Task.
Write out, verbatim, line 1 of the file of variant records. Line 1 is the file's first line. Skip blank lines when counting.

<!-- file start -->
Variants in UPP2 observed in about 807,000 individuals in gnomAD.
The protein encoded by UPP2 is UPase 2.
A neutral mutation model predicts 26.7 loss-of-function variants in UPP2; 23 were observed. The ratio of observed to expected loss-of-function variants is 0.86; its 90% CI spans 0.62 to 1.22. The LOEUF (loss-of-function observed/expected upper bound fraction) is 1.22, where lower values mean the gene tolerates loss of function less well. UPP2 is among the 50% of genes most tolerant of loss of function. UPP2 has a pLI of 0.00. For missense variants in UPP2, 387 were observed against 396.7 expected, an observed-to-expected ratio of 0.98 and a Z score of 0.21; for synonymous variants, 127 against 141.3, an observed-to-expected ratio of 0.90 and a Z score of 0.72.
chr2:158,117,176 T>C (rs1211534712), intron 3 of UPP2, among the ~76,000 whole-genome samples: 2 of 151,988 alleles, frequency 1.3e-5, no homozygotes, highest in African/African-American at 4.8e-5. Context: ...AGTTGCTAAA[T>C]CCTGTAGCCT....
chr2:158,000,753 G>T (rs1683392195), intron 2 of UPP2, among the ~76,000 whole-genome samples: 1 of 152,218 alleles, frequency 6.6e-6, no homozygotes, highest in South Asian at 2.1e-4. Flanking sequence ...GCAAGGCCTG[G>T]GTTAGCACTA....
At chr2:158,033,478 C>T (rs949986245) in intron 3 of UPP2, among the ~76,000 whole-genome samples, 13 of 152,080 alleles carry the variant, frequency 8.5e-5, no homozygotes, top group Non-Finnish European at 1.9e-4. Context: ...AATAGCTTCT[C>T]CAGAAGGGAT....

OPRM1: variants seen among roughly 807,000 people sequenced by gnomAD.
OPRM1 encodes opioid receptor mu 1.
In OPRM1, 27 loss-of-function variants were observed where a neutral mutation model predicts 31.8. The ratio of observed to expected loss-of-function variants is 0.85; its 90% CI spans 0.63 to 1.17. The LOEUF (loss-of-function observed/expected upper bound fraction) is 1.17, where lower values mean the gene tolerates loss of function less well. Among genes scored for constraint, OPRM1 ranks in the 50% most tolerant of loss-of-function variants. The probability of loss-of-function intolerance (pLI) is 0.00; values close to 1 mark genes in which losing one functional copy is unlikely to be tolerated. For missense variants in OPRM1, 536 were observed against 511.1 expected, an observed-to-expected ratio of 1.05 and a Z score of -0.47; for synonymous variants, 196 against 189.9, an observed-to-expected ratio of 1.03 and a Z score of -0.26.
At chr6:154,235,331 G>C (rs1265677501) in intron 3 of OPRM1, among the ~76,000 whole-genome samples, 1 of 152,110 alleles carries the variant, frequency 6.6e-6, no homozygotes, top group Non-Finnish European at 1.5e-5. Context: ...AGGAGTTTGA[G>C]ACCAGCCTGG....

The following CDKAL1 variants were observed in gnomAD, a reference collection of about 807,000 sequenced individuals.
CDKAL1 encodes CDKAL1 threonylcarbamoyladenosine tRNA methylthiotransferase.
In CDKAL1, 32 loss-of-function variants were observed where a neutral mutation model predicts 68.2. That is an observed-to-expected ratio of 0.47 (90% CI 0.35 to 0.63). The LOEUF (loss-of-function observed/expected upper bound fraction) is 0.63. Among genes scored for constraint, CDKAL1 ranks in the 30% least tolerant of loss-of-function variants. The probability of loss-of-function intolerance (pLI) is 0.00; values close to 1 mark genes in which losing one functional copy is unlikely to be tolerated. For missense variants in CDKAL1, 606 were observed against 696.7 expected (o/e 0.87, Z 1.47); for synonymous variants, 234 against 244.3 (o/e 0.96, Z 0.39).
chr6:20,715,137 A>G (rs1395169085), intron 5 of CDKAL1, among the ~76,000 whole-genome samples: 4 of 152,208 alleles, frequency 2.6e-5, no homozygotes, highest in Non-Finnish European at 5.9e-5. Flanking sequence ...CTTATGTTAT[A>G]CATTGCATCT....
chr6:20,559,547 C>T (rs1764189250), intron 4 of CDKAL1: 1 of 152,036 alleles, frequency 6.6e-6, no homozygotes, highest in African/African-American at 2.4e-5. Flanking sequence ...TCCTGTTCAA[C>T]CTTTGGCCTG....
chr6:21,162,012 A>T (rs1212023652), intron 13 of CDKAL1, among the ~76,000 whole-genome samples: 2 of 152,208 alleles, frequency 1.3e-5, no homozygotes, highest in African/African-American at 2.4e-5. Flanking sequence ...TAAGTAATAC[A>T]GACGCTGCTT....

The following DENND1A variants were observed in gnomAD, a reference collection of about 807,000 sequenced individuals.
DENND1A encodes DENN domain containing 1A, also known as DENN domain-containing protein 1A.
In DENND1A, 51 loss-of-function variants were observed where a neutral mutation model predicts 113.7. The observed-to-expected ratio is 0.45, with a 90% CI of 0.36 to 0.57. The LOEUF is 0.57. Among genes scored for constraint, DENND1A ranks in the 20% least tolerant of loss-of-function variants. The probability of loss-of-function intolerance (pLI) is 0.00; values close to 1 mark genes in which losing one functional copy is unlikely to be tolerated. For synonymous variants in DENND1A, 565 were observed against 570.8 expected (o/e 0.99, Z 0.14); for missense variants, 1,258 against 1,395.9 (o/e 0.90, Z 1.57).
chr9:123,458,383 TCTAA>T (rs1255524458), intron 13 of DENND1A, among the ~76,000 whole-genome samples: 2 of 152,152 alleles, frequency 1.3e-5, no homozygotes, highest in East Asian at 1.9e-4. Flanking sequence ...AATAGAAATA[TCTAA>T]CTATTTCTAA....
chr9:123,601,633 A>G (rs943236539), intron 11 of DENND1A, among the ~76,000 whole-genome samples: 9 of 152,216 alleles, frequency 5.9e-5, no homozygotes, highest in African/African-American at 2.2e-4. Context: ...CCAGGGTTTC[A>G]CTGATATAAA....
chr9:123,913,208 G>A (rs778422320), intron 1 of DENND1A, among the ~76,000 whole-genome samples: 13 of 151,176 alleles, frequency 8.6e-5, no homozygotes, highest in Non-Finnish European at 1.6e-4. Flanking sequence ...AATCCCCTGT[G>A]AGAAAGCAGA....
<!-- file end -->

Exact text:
Variants in UPP2 observed in about 807,000 individuals in gnomAD.